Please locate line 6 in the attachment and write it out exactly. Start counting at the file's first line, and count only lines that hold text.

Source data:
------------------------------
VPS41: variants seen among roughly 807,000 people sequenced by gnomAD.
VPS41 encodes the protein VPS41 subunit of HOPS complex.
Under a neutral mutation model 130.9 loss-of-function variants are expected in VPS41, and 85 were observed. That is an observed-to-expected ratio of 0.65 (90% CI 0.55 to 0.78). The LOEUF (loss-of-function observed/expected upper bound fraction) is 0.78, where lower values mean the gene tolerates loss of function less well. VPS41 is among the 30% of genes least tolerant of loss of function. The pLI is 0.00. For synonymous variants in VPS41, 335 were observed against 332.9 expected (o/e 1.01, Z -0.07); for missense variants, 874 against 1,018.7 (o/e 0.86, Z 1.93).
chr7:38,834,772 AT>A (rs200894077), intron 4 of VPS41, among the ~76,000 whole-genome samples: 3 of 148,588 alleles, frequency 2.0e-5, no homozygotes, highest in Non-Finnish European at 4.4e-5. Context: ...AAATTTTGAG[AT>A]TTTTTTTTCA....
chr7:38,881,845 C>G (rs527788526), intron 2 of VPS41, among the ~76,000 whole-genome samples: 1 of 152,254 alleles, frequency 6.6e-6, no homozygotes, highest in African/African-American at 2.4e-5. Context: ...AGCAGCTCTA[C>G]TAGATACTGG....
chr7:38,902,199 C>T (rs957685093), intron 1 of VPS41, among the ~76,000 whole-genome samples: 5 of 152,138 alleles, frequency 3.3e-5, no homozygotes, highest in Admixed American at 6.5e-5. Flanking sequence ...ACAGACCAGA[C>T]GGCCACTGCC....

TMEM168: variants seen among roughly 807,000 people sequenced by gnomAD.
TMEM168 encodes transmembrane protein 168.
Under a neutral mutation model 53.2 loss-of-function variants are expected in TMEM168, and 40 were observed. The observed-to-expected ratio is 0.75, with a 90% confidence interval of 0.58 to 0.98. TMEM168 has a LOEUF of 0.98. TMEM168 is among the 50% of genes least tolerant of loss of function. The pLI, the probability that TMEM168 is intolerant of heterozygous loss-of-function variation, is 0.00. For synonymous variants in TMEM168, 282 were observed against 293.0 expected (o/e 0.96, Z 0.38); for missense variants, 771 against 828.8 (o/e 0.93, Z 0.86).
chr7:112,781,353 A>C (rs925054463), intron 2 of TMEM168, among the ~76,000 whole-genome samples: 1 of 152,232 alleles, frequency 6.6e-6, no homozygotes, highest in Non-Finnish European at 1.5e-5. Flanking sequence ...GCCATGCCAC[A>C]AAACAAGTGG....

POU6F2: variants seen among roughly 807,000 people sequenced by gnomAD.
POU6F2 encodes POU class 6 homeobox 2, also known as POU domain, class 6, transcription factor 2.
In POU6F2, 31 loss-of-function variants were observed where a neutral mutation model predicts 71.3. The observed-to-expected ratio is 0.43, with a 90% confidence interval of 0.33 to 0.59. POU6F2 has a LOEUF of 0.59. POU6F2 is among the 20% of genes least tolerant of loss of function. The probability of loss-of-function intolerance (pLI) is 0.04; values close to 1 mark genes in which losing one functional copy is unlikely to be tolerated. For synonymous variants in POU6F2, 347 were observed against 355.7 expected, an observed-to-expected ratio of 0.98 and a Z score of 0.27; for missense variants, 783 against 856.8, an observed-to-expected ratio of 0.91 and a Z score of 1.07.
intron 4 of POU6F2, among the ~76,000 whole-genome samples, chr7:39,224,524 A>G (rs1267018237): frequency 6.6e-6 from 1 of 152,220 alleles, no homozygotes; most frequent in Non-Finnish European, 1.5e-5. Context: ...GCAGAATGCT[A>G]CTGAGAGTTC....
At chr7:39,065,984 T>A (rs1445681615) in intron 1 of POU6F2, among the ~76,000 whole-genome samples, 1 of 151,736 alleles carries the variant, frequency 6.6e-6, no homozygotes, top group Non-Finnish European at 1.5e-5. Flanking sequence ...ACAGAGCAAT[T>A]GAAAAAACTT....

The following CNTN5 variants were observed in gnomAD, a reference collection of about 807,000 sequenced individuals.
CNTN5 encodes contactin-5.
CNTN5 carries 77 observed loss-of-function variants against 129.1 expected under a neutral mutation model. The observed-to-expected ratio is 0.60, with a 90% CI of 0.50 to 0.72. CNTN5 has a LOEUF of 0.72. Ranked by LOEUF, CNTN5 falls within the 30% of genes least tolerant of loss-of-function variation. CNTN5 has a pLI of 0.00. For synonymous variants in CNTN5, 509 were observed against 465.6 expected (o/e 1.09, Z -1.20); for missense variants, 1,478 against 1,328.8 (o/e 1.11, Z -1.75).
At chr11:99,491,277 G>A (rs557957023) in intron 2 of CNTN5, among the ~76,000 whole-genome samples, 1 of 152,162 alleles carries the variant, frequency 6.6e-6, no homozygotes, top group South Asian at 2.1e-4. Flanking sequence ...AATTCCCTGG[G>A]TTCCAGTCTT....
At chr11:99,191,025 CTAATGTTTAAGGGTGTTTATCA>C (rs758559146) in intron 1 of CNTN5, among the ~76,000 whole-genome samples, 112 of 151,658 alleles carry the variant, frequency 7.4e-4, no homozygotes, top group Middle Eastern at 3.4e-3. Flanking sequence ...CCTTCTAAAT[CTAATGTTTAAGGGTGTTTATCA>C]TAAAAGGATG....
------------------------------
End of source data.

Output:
chr7:38,902,199 C>T (rs957685093), intron 1 of VPS41, among the ~76,000 whole-genome samples: 5 of 152,138 alleles, frequency 3.3e-5, no homozygotes, highest in Admixed American at 6.5e-5. Flanking sequence ...ACAGACCAGA[C>T]GGCCACTGCC....